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Crown Media Family Networks, Menachem Adelman, Associated Press
This photo provided by Crown Media Family Networks shows kittens playing football in a scene from the Hallmark Channel's "Kitten Bowl II," airing on Sunday, Feb. 1, 2015, 12 p.m. ET/PT, 11 CT.

LOS ANGELES — Football tampering is inevitable when felines take the field Sunday in Hallmark Channel's Kitten Bowl.

But the kitties simply can't help the fact that claws and balls don't go together, the channel said, so don't expect an NFL-style deflation investigation.

"Our issues tend to be more related to the size of the 'yarnage' markers on the 'kitiron' and, of course, the length of their milk breaks," said Bill Abbott, president and CEO of Hallmark parent Crown Media Family Networks.

In other words, cute trumps controversy when fluffy, big-eyed kitties are involved — as it should.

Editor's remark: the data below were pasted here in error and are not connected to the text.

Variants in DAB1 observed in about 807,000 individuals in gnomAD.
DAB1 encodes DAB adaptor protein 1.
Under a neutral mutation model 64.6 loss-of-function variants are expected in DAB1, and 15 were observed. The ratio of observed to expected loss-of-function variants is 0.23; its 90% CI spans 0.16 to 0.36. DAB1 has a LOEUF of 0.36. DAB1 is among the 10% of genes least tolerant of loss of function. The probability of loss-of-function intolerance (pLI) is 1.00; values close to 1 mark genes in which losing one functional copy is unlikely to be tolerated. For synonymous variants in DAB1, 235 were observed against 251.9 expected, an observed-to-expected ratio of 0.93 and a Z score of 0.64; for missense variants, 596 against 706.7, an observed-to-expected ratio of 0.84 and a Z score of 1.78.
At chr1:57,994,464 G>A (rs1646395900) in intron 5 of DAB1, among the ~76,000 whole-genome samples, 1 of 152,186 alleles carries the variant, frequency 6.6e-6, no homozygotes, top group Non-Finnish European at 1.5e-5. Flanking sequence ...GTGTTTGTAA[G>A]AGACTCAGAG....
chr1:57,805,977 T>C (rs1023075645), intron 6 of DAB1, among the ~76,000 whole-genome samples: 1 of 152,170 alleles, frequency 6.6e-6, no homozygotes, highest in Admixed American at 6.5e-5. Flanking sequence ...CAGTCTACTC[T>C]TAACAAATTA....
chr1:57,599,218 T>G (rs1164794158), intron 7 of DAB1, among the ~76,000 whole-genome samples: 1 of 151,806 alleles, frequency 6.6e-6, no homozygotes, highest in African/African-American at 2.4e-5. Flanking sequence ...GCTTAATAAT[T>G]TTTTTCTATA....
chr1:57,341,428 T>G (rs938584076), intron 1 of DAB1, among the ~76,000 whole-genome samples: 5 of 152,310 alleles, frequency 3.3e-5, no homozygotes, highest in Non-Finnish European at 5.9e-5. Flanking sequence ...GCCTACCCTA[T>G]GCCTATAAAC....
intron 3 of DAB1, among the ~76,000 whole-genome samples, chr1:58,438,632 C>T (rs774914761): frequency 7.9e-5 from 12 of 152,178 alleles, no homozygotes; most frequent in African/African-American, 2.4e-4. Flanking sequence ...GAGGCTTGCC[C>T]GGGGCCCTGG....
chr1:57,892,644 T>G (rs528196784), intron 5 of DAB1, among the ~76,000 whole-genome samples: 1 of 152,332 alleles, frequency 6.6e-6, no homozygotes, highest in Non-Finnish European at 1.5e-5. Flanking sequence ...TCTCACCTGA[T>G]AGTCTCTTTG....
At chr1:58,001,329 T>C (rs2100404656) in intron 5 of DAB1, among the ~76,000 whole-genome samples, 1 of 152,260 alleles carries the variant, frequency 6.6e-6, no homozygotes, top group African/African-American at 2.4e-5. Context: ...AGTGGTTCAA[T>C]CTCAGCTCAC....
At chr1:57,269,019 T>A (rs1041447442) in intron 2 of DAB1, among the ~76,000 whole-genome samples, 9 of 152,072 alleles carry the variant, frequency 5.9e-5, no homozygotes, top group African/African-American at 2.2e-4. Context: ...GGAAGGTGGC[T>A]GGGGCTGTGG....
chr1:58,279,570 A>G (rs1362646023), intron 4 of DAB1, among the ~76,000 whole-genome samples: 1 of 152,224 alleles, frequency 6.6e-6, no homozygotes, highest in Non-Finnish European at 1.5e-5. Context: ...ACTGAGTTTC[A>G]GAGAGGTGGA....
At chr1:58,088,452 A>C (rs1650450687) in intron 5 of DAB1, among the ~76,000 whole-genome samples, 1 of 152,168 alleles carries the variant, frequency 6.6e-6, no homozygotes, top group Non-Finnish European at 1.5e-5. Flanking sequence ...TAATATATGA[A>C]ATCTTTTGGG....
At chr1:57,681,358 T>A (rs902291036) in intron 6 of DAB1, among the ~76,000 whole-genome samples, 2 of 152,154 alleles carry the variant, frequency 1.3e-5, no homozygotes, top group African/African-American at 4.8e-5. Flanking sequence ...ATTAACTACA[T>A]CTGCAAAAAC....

"Kitten Bowl II" kicks off at noon EST, starting with semifinal matches between the Northpole Panthers and Hallmark Channel Hearties and the Good Witch Wildcats versus the Hallmark Movies & Mysteries Mountain Lions. The winners then play for ultimate purring rights.

It's all for a good cause: The Kitten Bowl is part of Crown Media's ongoing effort to promote the adoption of shelter animals.

Hallmark goes for giggles as well, with "quartercats" dubbed Tawny Unitas, Ryan Fitzcatrick and Joe Montuna. John Sterling and Mary Carillo host the big game, with Boomer Esiason serving as Feline Football League commissioner,

The kitty contest isn't the only alternative to Sunday's Super Bowl match between the Seattle Seahawks and New England. The Patriots faced questions about allegedly underinflated balls after the team's win over the Indianapolis Colts.

Fish Bowl II is on the National Geographic Channel, and there's Animal Planet's Puppy Bowl (3 p.m. EST) that kicked off the trend and is in its 11th year. The latter also promotes pet adoption.

Viewers lap it all up. Last year's Puppy Bowl drew 13.5 million viewers, with the inaugural Kitten Bowl watched by 1 million. That's not the 2014 Super Bowl's 112.2 million viewers, but it beats a bowl of kibble.